Anyway, to balance the easy main, I broke out Plenty and made Ottolenghi's roasted vegetables with vinaigrette.
I expect that any of us who are good cooks automatically adapt or alter just about any recipe we make. Add more of a favorite vegetable, substitute away from an herb we're not partial to or don't have on hand. Reduce the salt or butter or whatever. Or change it if something doesn't quite make sense--for example this dish called for 4 red onions, which can't possibly be right--are American red onions way bigger than British ones? Ottolenghi encourages adaptation and alteration -- he usually suggests ways to change or simplify himself in the recipe intros.
Anyway, red onion overload notwithstanding, this is a terrific recipe. I roast vegetables just fine, thank you (in addition to red onion, this combined sweet potato, parsnip, cherry tomato, and a whole head of garlic along with sprigs of rosemary and thyme). But I've never bothered making a dressing for them before. Ottolenghi tosses these with olive oil, lemon juice, capers, maple syrup and Dijon mustard. Which I almost certainly would not have thought to combine on my own, but wow. So much flavor, and yet without overwhelming the inherent flavors in the vegetables. I can't wait to try this again, and I'm actively looking forward to tweaking it. And as with so many of his dishes, it's beautiful--great color and gusto and verve, and half a head of garlic always adds visual as well as flavor appeal. And it combined super-well with the pork, too.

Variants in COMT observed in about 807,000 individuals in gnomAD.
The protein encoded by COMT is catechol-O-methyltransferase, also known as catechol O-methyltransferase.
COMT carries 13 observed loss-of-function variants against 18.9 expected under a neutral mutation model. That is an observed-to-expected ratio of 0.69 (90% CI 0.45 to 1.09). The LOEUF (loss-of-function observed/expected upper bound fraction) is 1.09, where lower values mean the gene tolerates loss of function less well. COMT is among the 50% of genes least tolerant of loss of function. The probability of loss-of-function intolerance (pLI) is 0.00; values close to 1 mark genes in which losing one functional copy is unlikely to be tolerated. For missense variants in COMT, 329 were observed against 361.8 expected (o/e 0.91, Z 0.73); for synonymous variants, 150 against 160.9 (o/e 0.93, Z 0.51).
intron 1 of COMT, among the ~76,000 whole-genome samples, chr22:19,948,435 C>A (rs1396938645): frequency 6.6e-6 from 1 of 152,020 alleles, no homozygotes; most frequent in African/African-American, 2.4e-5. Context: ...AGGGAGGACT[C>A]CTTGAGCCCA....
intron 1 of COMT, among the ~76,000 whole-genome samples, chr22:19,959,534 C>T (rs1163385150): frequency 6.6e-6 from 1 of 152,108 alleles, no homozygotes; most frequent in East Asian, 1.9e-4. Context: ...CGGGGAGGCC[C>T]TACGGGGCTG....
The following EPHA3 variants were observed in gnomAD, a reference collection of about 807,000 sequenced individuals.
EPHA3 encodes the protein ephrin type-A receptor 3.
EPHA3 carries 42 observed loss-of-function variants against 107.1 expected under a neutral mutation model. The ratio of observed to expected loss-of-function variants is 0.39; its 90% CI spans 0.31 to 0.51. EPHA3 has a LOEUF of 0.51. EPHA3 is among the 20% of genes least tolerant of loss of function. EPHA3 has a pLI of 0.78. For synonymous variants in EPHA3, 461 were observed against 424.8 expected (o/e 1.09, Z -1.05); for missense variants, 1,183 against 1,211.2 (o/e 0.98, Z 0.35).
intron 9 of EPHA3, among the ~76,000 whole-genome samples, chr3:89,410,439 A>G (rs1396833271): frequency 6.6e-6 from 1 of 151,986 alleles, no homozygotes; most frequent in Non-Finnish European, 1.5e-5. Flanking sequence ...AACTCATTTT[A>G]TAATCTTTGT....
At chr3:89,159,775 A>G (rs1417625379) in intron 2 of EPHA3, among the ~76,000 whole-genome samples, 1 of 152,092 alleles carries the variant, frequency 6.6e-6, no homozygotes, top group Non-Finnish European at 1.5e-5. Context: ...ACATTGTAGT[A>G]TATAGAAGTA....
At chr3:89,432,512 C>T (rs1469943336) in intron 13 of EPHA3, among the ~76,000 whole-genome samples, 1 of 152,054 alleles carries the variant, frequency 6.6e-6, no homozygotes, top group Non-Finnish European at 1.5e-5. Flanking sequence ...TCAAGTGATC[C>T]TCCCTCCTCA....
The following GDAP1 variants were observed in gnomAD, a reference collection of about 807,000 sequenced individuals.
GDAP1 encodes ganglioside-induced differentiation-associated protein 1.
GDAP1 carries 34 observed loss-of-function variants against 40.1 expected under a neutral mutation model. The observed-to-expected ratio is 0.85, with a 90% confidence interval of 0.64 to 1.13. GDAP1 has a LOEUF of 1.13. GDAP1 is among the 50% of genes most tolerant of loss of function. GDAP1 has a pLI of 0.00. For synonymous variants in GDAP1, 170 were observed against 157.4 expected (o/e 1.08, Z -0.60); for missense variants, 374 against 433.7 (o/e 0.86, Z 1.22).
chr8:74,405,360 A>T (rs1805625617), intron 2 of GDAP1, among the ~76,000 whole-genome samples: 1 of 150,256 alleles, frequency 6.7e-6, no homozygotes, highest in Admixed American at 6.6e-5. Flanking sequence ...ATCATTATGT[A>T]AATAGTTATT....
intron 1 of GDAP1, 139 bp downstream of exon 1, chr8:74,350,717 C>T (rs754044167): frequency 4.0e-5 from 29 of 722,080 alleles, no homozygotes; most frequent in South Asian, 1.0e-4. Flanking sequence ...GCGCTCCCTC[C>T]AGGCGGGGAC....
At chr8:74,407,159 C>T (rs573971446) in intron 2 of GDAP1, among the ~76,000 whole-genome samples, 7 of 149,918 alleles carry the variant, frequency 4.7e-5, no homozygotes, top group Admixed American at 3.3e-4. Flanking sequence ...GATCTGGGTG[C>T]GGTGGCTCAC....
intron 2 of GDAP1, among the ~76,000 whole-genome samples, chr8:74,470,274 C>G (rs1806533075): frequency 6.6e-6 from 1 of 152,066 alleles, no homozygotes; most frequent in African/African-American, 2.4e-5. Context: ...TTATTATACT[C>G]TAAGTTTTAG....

I did a variation on his spinach salad with dates, nuts, and pita croutons, which I've made so many times I don't even look at the recipe anymore. At this point, I think I can claim it as my own, or at least a "Joetolenghi" creation.
Finally, because I was feeling ambitious, or maybe because I opted not to bake bread, I also whipped up a batch of his Tahini Cookies, from Jerusalem.
Exactly as one might expect, they are peanut butter cookies meet halva, a very shortbready sort of crumb with a really nice sesame flavor. About as simple as could be to make, and yet impressively unusual and tasty just the same.